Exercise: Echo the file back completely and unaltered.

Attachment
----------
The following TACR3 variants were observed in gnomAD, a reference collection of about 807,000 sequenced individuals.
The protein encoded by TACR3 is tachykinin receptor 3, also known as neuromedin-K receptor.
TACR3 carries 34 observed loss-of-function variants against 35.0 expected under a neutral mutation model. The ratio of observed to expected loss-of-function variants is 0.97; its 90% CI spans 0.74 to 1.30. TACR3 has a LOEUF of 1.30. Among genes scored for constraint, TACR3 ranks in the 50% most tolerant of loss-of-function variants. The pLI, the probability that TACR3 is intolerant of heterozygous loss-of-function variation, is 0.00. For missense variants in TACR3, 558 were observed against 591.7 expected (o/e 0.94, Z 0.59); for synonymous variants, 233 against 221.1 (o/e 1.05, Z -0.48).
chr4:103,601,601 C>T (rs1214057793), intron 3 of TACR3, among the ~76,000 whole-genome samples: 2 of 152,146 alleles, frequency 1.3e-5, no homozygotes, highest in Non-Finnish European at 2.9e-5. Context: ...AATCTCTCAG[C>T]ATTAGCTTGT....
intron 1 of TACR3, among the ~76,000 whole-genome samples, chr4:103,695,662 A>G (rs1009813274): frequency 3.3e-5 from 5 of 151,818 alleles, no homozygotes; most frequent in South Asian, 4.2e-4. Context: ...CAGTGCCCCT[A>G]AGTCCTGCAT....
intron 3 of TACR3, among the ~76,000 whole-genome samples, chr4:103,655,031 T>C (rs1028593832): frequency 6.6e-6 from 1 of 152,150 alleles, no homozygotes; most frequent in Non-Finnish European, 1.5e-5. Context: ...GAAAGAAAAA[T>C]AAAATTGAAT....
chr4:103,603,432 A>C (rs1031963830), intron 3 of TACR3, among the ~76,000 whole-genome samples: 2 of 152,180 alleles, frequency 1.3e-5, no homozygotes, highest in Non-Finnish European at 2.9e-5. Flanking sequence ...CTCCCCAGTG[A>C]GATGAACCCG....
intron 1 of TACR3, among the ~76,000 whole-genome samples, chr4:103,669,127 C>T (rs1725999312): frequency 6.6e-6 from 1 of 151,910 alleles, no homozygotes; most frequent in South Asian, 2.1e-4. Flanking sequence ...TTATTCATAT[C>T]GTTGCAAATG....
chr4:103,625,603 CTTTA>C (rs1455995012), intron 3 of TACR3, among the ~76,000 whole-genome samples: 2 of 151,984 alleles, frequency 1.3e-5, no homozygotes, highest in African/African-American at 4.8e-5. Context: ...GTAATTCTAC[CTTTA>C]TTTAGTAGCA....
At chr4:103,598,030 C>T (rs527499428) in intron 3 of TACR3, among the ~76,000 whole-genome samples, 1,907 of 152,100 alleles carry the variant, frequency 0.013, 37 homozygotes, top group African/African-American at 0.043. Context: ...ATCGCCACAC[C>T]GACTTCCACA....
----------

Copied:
The following TACR3 variants were observed in gnomAD, a reference collection of about 807,000 sequenced individuals.
The protein encoded by TACR3 is tachykinin receptor 3, also known as neuromedin-K receptor.
TACR3 carries 34 observed loss-of-function variants against 35.0 expected under a neutral mutation model. The ratio of observed to expected loss-of-function variants is 0.97; its 90% CI spans 0.74 to 1.30. TACR3 has a LOEUF of 1.30. Among genes scored for constraint, TACR3 ranks in the 50% most tolerant of loss-of-function variants. The pLI, the probability that TACR3 is intolerant of heterozygous loss-of-function variation, is 0.00. For missense variants in TACR3, 558 were observed against 591.7 expected (o/e 0.94, Z 0.59); for synonymous variants, 233 against 221.1 (o/e 1.05, Z -0.48).
chr4:103,601,601 C>T (rs1214057793), intron 3 of TACR3, among the ~76,000 whole-genome samples: 2 of 152,146 alleles, frequency 1.3e-5, no homozygotes, highest in Non-Finnish European at 2.9e-5. Context: ...AATCTCTCAG[C>T]ATTAGCTTGT....
intron 1 of TACR3, among the ~76,000 whole-genome samples, chr4:103,695,662 A>G (rs1009813274): frequency 3.3e-5 from 5 of 151,818 alleles, no homozygotes; most frequent in South Asian, 4.2e-4. Context: ...CAGTGCCCCT[A>G]AGTCCTGCAT....
intron 3 of TACR3, among the ~76,000 whole-genome samples, chr4:103,655,031 T>C (rs1028593832): frequency 6.6e-6 from 1 of 152,150 alleles, no homozygotes; most frequent in Non-Finnish European, 1.5e-5. Context: ...GAAAGAAAAA[T>C]AAAATTGAAT....
chr4:103,603,432 A>C (rs1031963830), intron 3 of TACR3, among the ~76,000 whole-genome samples: 2 of 152,180 alleles, frequency 1.3e-5, no homozygotes, highest in Non-Finnish European at 2.9e-5. Flanking sequence ...CTCCCCAGTG[A>C]GATGAACCCG....
intron 1 of TACR3, among the ~76,000 whole-genome samples, chr4:103,669,127 C>T (rs1725999312): frequency 6.6e-6 from 1 of 151,910 alleles, no homozygotes; most frequent in South Asian, 2.1e-4. Flanking sequence ...TTATTCATAT[C>T]GTTGCAAATG....
chr4:103,625,603 CTTTA>C (rs1455995012), intron 3 of TACR3, among the ~76,000 whole-genome samples: 2 of 151,984 alleles, frequency 1.3e-5, no homozygotes, highest in African/African-American at 4.8e-5. Context: ...GTAATTCTAC[CTTTA>C]TTTAGTAGCA....
At chr4:103,598,030 C>T (rs527499428) in intron 3 of TACR3, among the ~76,000 whole-genome samples, 1,907 of 152,100 alleles carry the variant, frequency 0.013, 37 homozygotes, top group African/African-American at 0.043. Context: ...ATCGCCACAC[C>T]GACTTCCACA....